Joseph Mallord William TurnerEnglish School and Other Buildings, on Right of Heriot's Hospital 1818

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Artwork details

Artist
Title
English School and Other Buildings, on Right of Heriot's Hospital
From Scotch Antiquities Sketchbook
Turner Bequest CLXVII
Date 1818
MediumGraphite on paper
Dimensionssupport: 112 x 186 mm
Collection
Tate
Acquisition Accepted by the nation as part of the Turner Bequest 1856
Reference
D13745
Turner Bequest CLXVII 86 a
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Catalogue entry

Joseph Mallord William Turner 1775–1851
Folio 75 Verso:
English School and Other Buildings, on Right of Heriot’s Hospital 1818
D13745
Turner Bequest CLXVII 86a
Pencil on white wove paper, 112 x 186 mm
Inscribed in pencil by Turner: top centre ‘Stone’; centre left ‘3 Tap | W Boads’; lower left ‘[?]whose Th[...]’, ‘For [?]stock [?]pub’, ‘Fairburn’, ‘w’ | ‘Young’; lower centre ‘2 School’, ‘English School’ | ‘Red’, ?’Candlestick’, bottom centre ?‘[...] crockery’; right ‘[?]Scotch Wool and Toy [?]D[...]’
 
Accepted by the nation as part of the Turner Bequest 1856
This sketch of the ‘English School’ and other buildings in the West Bow, was incorporated by Turner into his 1819 watercolour of Heriot’s Hospital, Edinburgh, circa 1819 (National Gallery of Scotland),1 the preparatory sketch of which was made on the other side of this sketchbook page (folio 75; D13744; CLXVII 86). Turner used only the central vertical strip of this sketch, slicing the corner of the building marked ‘English School’ onto the buildings from the Heriot’s Hospital sketch.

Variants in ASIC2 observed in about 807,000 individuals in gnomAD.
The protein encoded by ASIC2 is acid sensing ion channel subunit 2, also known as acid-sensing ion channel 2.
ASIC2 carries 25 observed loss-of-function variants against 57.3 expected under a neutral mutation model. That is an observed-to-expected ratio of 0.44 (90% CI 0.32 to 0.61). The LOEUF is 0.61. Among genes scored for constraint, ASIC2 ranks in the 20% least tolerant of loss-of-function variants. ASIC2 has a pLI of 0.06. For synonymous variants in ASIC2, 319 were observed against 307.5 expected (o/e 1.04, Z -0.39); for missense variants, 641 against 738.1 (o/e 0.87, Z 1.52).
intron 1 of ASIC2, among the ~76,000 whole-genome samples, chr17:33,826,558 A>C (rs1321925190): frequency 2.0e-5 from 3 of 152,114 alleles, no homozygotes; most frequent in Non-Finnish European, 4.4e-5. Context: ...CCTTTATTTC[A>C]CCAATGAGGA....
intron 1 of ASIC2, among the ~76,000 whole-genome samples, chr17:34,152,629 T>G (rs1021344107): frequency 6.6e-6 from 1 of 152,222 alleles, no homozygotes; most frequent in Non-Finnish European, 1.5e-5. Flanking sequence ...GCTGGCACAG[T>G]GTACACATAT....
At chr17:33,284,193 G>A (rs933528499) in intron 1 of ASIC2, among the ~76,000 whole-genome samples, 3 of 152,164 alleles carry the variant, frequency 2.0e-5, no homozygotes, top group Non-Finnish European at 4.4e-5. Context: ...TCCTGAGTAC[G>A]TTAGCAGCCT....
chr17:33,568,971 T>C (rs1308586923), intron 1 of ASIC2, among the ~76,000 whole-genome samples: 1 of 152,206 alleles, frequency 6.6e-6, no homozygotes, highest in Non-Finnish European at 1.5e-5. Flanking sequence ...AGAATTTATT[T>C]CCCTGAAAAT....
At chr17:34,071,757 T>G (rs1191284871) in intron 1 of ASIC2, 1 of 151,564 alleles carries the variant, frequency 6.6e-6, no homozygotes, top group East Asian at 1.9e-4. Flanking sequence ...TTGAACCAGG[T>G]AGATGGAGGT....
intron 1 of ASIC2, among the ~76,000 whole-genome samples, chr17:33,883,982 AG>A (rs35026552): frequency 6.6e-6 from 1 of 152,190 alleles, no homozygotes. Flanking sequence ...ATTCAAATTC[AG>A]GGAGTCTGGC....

In the watercolour Turner includes a pile of crockery, pots, jugs and baskets at the foot of the shops with clothes and boots hanging from the front of a shop which hangs a flag with the words ‘AULD RAGS BOUGHT’; the figure carrying a jug on her head disembodied from the main sketch and suspended in the air probably inspired the rag-and-bone merchant in the finished design. The inclusion of the ‘English School’ creates a contrast between the lofty grandeur of Heriot’s Hospital school in the distance and the English school located in a cramped squalid corner of the busy street. Commentators have also noted that the sign looks more like ‘AULD RA’ (as in Royal Academy) and there could be a furtive reference to the English School of painting.2 Other inscriptions in the sketch refer to shop names: ‘Fairburn’, ‘Young’, etc., and to features of the buildings: ‘w[hite] Boards’, ‘Red’ and ‘Stone’. The street lamp at the corner of the building may be an example of one of the first gas lamps introduced in Edinburgh in 1818.

Thomas Ardill
April 2008

1
Andrew Wilton, J.M.W. Turner: His Life and Work, Fribourg 1979, .p.426 no.1064.
2
Katrina Thomson, Turner and Sir Walter Scott: The Provincial Antiquities and Picturesque Scenery of Scotland, exhibition catalogue, National Gallery of Scotland, Edinburgh 1999, p..90 cat.32

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